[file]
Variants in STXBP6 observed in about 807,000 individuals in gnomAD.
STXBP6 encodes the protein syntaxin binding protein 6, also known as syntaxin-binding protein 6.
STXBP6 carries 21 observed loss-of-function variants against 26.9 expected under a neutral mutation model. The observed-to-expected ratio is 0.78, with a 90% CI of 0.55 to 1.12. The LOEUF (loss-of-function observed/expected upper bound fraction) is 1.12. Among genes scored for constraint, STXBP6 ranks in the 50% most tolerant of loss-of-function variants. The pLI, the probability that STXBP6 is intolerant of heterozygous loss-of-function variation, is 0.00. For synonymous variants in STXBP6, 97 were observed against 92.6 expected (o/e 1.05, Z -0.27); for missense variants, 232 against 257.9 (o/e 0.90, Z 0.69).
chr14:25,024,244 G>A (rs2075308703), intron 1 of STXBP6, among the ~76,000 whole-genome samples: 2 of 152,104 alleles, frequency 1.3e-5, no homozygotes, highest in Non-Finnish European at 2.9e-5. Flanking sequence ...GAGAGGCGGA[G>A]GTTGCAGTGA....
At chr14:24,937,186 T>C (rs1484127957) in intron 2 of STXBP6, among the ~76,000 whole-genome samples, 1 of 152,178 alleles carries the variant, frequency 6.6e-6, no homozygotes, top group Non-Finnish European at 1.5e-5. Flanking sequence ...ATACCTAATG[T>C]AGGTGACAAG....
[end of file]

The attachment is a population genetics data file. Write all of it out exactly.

Variants in STXBP6 observed in about 807,000 individuals in gnomAD.
STXBP6 encodes the protein syntaxin binding protein 6, also known as syntaxin-binding protein 6.
STXBP6 carries 21 observed loss-of-function variants against 26.9 expected under a neutral mutation model. The observed-to-expected ratio is 0.78, with a 90% CI of 0.55 to 1.12. The LOEUF (loss-of-function observed/expected upper bound fraction) is 1.12. Among genes scored for constraint, STXBP6 ranks in the 50% most tolerant of loss-of-function variants. The pLI, the probability that STXBP6 is intolerant of heterozygous loss-of-function variation, is 0.00. For synonymous variants in STXBP6, 97 were observed against 92.6 expected (o/e 1.05, Z -0.27); for missense variants, 232 against 257.9 (o/e 0.90, Z 0.69).
chr14:25,024,244 G>A (rs2075308703), intron 1 of STXBP6, among the ~76,000 whole-genome samples: 2 of 152,104 alleles, frequency 1.3e-5, no homozygotes, highest in Non-Finnish European at 2.9e-5. Flanking sequence ...GAGAGGCGGA[G>A]GTTGCAGTGA....
At chr14:24,937,186 T>C (rs1484127957) in intron 2 of STXBP6, among the ~76,000 whole-genome samples, 1 of 152,178 alleles carries the variant, frequency 6.6e-6, no homozygotes, top group Non-Finnish European at 1.5e-5. Flanking sequence ...ATACCTAATG[T>C]AGGTGACAAG....